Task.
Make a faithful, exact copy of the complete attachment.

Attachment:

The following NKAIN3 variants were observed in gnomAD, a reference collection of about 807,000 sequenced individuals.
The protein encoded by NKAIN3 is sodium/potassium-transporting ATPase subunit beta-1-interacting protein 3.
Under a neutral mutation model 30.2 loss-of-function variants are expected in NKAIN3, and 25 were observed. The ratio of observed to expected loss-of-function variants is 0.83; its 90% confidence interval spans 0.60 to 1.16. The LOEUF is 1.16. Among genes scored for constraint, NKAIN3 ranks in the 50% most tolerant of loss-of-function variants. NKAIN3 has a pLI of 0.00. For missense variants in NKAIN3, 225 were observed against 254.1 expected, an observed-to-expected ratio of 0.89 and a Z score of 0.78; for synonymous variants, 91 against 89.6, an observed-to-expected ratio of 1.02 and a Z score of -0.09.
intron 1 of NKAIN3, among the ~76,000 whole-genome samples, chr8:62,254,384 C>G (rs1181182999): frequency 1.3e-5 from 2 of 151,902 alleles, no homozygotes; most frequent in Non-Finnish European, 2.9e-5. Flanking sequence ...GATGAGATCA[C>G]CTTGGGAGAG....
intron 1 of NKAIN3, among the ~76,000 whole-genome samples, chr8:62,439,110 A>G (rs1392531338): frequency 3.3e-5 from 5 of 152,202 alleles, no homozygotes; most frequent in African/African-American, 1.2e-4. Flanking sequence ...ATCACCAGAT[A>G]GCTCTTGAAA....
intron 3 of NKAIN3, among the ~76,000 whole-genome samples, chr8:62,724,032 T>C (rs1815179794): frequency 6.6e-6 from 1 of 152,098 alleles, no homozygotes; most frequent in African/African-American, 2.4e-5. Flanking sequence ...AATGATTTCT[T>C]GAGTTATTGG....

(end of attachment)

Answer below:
The following NKAIN3 variants were observed in gnomAD, a reference collection of about 807,000 sequenced individuals.
The protein encoded by NKAIN3 is sodium/potassium-transporting ATPase subunit beta-1-interacting protein 3.
Under a neutral mutation model 30.2 loss-of-function variants are expected in NKAIN3, and 25 were observed. The ratio of observed to expected loss-of-function variants is 0.83; its 90% confidence interval spans 0.60 to 1.16. The LOEUF is 1.16. Among genes scored for constraint, NKAIN3 ranks in the 50% most tolerant of loss-of-function variants. NKAIN3 has a pLI of 0.00. For missense variants in NKAIN3, 225 were observed against 254.1 expected, an observed-to-expected ratio of 0.89 and a Z score of 0.78; for synonymous variants, 91 against 89.6, an observed-to-expected ratio of 1.02 and a Z score of -0.09.
intron 1 of NKAIN3, among the ~76,000 whole-genome samples, chr8:62,254,384 C>G (rs1181182999): frequency 1.3e-5 from 2 of 151,902 alleles, no homozygotes; most frequent in Non-Finnish European, 2.9e-5. Flanking sequence ...GATGAGATCA[C>G]CTTGGGAGAG....
intron 1 of NKAIN3, among the ~76,000 whole-genome samples, chr8:62,439,110 A>G (rs1392531338): frequency 3.3e-5 from 5 of 152,202 alleles, no homozygotes; most frequent in African/African-American, 1.2e-4. Flanking sequence ...ATCACCAGAT[A>G]GCTCTTGAAA....
intron 3 of NKAIN3, among the ~76,000 whole-genome samples, chr8:62,724,032 T>C (rs1815179794): frequency 6.6e-6 from 1 of 152,098 alleles, no homozygotes; most frequent in African/African-American, 2.4e-5. Flanking sequence ...AATGATTTCT[T>C]GAGTTATTGG....